Gun violence recently surpassed car accidents as the leading cause of death for American children. No group of kids has been spared, but some have fared far worse.
For much of the nation’s history, disease was the No. 1 killer of children. Then America became the land of the automobile, and by the 1960s, motor-vehicle crashes were the most common way for children to die. Twenty years ago, well after the advent of the seatbelt, an American child was still three times as likely to die in a car accident as to be killed by a firearm. We’re now living in the era of the gun.
Leading causes of death for children ages 1 through 18
The gun-death rate for children is nearly five in every 100,000. It was flat for more than a decade starting in 2000, and most years fewer than three in every 100,000 children were killed by guns. In 2014, the rate began to creep up, and by 2020 guns became the leading killer.
Last year was a particularly violent one: 3,597 children died by gunfire, according to provisional statistics from the Centers for Disease Control and Prevention. The death rate from guns was the highest it has been in more than 20 years. While the statistics for this year are incomplete, it is clear that the carnage has not receded.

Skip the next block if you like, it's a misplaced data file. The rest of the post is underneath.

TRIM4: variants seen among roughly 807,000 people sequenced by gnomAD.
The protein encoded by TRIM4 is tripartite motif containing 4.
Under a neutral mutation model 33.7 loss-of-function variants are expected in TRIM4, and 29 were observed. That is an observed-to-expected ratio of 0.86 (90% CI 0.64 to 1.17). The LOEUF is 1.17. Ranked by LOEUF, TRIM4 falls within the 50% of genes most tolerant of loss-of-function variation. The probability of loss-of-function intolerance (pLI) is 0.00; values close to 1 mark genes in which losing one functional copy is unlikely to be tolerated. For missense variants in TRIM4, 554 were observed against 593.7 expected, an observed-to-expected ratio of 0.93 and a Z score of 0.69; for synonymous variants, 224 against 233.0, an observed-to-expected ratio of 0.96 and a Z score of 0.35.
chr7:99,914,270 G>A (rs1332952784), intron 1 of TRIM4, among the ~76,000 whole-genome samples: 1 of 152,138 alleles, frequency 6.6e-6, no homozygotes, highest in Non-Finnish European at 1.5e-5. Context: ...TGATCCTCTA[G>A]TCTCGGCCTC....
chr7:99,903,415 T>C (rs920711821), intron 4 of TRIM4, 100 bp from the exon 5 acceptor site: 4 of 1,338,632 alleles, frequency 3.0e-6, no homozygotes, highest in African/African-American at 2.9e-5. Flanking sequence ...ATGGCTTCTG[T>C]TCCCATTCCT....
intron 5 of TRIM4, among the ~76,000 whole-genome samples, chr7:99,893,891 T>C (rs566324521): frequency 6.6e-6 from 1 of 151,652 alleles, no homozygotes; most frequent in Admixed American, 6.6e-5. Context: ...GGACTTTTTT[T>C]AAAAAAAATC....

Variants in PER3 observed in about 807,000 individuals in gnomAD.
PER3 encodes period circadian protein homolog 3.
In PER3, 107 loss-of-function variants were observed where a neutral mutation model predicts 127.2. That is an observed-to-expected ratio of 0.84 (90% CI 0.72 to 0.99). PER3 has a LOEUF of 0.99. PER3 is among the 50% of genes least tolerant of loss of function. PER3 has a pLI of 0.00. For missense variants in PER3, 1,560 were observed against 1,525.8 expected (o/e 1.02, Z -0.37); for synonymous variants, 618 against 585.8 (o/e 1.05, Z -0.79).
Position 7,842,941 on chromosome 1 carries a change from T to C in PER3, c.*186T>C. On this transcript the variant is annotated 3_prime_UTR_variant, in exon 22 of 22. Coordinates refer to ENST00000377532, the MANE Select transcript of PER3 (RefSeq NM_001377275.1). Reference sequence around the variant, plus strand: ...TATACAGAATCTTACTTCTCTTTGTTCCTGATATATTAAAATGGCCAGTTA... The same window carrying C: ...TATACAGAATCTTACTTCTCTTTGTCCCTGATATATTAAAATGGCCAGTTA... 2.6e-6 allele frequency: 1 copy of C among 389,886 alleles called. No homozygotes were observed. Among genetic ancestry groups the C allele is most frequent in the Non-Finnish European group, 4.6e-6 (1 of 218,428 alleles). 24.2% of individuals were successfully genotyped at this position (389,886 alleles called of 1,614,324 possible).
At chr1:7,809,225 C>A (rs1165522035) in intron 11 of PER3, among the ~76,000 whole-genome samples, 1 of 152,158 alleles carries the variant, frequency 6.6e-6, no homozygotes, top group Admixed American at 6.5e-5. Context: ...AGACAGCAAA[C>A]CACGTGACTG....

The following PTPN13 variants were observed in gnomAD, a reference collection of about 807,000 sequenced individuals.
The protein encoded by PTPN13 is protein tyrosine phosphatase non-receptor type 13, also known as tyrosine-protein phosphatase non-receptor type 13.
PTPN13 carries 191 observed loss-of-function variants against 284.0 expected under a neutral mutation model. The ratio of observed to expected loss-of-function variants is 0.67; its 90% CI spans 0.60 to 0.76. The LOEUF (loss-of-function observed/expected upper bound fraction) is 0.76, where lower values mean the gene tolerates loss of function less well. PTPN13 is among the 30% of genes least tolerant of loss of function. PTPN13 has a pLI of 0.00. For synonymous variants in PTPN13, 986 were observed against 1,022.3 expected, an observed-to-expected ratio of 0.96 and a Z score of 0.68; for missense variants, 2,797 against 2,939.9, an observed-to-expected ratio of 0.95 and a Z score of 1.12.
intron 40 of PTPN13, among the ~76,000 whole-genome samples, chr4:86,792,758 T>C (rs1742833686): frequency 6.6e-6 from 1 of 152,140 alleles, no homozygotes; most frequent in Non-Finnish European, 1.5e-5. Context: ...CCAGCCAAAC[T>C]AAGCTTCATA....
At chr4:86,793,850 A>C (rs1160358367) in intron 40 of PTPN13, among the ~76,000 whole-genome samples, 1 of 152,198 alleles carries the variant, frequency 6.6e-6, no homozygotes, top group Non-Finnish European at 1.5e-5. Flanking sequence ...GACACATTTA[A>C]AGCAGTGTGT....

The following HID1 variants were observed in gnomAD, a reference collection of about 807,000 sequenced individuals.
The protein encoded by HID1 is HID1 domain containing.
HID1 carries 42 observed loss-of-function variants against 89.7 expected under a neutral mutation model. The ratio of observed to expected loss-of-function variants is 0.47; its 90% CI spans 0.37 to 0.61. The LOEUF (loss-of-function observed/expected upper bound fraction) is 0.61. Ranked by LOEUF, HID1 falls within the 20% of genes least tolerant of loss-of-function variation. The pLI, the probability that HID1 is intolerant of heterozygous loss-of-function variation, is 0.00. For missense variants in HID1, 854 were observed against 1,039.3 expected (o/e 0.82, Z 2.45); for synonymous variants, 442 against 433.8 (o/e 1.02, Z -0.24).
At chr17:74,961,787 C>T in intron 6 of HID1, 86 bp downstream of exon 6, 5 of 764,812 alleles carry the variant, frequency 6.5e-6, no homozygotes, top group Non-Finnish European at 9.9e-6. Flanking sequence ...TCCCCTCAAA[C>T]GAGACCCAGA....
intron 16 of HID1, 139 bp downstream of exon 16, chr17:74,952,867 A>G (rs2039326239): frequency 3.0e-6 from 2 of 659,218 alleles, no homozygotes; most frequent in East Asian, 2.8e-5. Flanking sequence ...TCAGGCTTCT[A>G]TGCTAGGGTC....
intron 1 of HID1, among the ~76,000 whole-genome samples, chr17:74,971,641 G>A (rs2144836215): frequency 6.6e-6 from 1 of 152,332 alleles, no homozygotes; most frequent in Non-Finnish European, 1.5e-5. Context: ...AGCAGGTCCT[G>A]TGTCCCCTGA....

Annual gun deaths, ages 1 through 18
In May, the nation watched as horror unfolded in Uvalde, Texas. Yet another school ripped apart by bullets — yet another group of children to mourn. Yet another shooting in a long line of school shootings. And though the number of school shootings has recently risen to the highest level on record, the overall picture is so much worse; these shootings account for less than 1 percent of the total gun deaths suffered by American children.
Source: Childhood’s Greatest Danger: The Data on Kids and Gun Violence